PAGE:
The governor of Sudan’s Southern Kordofan has been filmed addressing troops before a battle with rebel fighters urging them to "take no prisoners".
In footage obtained by media, Ahmed Harun, the state governor who has already been indicted by the International Criminal Court (ICC) for crimes against humanity in Darfur, is captured on camera telling his soldiers to take strong action against anyone who comes in their way.
Southern Kordofan holds most of Sudan's remaining known oil reserves, after South Sudan seceded in July 2011, taking its oilfields with it.
Southern Kordofan has become a strategic asset for Khartoum, but rebels there want to follow Juba and be granted independence from Khartoum.
The footage shows Sudanese troops stationed in a captured base involved in a gun battle with rebel forces.
Harun is addressing his soldiers before they enter rebel territory by saying: "You must hand over the place clean. Swept, rubbed, crushed. Don’t bring them back alive. We have no space for them."
An army commander standing near Harun then says: "Don’t bring them back, eat them alive."
General Jogot Mekwar, who is from the Southern Kordofan rebel forces after watching the video said: "What Ahmed Haroun says is inhumane. He wants to enslave people, and he has a hatred against humanity."
"From our perspective, the things he says are the reason the court has issued an arrest warrant."
Sudan's government said Harun's comments were "not interpreted correctly," Rabi Abdel Atti, a senior adviser to Sudan's information ministry, said from Khartoum on Saturday.
"He is not ordering the soldiers to kill civilians but to kill rebels; this is war," Abdel Atti said.
"What was said by the Southern Kordofan governor to the soldiers is in the context of mobilisation of soldiers to confront and to chase the rebels to the south where they are coming from.
"What do you want us to do if rebels come and invade the area and threaten civilians and disturb peace and security in the area? I think that what is said by the governor is absolutely correct to confront those.
"They are coming to kill our soldiers and our soldiers have a right to kill them."
According to the UN, tens of thousands have fled the violence in the region since July 2011.
The world body has called for an investigation into reports of human rights abuses in the territory.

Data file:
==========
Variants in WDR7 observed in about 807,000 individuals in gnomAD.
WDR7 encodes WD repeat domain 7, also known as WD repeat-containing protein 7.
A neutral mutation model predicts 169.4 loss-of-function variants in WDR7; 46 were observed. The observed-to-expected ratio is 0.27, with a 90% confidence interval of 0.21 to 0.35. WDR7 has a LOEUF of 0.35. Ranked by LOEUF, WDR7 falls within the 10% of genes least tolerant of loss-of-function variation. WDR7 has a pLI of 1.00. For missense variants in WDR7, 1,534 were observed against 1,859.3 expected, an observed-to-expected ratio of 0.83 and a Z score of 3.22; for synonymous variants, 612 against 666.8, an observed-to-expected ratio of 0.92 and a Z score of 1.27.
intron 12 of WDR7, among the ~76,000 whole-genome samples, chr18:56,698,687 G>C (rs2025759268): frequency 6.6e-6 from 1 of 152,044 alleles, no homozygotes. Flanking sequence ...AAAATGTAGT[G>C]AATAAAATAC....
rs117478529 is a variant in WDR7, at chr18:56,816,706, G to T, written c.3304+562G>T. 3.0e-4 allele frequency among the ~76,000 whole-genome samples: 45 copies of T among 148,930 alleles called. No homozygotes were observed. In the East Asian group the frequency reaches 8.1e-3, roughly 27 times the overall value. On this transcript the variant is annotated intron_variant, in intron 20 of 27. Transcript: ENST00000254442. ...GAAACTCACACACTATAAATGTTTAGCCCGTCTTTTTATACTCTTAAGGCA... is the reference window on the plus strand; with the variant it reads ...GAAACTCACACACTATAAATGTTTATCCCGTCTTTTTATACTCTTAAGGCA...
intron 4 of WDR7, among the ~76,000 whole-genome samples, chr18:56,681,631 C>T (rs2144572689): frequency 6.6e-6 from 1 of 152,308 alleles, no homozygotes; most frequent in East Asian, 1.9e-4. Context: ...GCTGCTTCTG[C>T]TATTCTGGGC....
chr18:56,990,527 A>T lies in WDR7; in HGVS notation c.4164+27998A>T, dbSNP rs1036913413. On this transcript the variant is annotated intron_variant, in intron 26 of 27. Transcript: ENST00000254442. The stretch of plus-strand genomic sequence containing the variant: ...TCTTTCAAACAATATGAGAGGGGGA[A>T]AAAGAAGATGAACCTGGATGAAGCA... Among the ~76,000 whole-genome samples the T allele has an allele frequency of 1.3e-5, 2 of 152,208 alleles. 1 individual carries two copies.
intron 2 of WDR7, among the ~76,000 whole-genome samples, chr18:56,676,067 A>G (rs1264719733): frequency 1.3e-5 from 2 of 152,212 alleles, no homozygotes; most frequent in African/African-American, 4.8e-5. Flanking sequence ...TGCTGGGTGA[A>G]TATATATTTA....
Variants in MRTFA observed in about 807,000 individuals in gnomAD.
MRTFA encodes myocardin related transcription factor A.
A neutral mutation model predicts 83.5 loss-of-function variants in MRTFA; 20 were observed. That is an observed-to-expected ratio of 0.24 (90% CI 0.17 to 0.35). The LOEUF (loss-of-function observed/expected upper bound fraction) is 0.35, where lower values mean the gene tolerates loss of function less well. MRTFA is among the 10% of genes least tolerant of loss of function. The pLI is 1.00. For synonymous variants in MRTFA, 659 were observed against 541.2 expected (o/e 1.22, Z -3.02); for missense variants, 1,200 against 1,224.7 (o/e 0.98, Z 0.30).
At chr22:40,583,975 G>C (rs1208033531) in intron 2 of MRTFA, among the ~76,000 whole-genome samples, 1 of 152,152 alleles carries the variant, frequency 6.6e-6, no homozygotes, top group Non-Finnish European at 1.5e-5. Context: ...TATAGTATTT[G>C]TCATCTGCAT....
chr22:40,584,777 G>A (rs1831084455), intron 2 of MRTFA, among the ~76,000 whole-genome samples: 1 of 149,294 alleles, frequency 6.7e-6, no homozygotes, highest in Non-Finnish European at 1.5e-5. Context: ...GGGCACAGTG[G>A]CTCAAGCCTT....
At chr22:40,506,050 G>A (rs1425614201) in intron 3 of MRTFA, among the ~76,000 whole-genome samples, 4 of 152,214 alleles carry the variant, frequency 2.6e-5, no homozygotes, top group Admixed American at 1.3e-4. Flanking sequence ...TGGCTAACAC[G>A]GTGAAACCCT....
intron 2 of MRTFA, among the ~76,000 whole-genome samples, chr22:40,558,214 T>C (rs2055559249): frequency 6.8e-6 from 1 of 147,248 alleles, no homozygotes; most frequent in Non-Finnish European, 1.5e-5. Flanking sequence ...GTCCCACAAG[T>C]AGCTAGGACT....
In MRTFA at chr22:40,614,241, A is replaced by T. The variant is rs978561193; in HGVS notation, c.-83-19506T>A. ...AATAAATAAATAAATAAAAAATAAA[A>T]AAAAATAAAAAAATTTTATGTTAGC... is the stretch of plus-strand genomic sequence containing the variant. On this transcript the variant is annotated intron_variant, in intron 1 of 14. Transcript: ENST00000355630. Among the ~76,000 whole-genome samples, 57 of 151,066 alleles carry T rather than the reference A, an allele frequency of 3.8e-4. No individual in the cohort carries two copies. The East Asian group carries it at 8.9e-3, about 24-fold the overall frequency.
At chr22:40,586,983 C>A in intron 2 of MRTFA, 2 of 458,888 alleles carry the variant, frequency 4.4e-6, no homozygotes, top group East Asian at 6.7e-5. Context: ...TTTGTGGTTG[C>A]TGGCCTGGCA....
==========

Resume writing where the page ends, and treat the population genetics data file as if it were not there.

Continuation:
Sudan's government has dismissed those accusations, and in turn has accused rebel groups, many of whom fought alongside South Sudan during decades of civil war with the Khartoum government, of launching a rebellion to try and control the territory.
Tensions have been high since Harun, who is a member of President Omar al-Bashir's National Congress Party won the state governorship election, in a vote that some opposition groups said was rigged.
In 2007 the ICC issued an arrest warrant for Harun for his alleged role targeting rebel groups in Darfur by funding and arming the Janjaweed armed group to incite attacks against civilian forces.
The charges against him constitute some 50 counts of atrocities including murder, mass rape and torture.
Haroun has always denied the accusations, and was quoted as saying the violence "never happened in the first place".
|< Prev||Next >|
Other articles in Africa
Sudan isolation grows as major banks pull out 14 March 2014
Sudan rebel leaders sentenced to death 14 March 2014
Europe backs sanctions over anti-gay laws 14 March 2014
Dozens of prisoners escape in Nigeria attack 14 March 2014
S Sudan army battles rebels as leaders meet 13 March 2014
Algeria PM to run Bouteflika campaign 13 March 2014
Life term sought for Rwanda genocide suspect 13 March 2014
Gambia to drop English as 'colonial relic' 13 March 2014
Sudan police clash with mourners at funeral 12 March 2014
Algerian TV station shuts after police raid 12 March 2014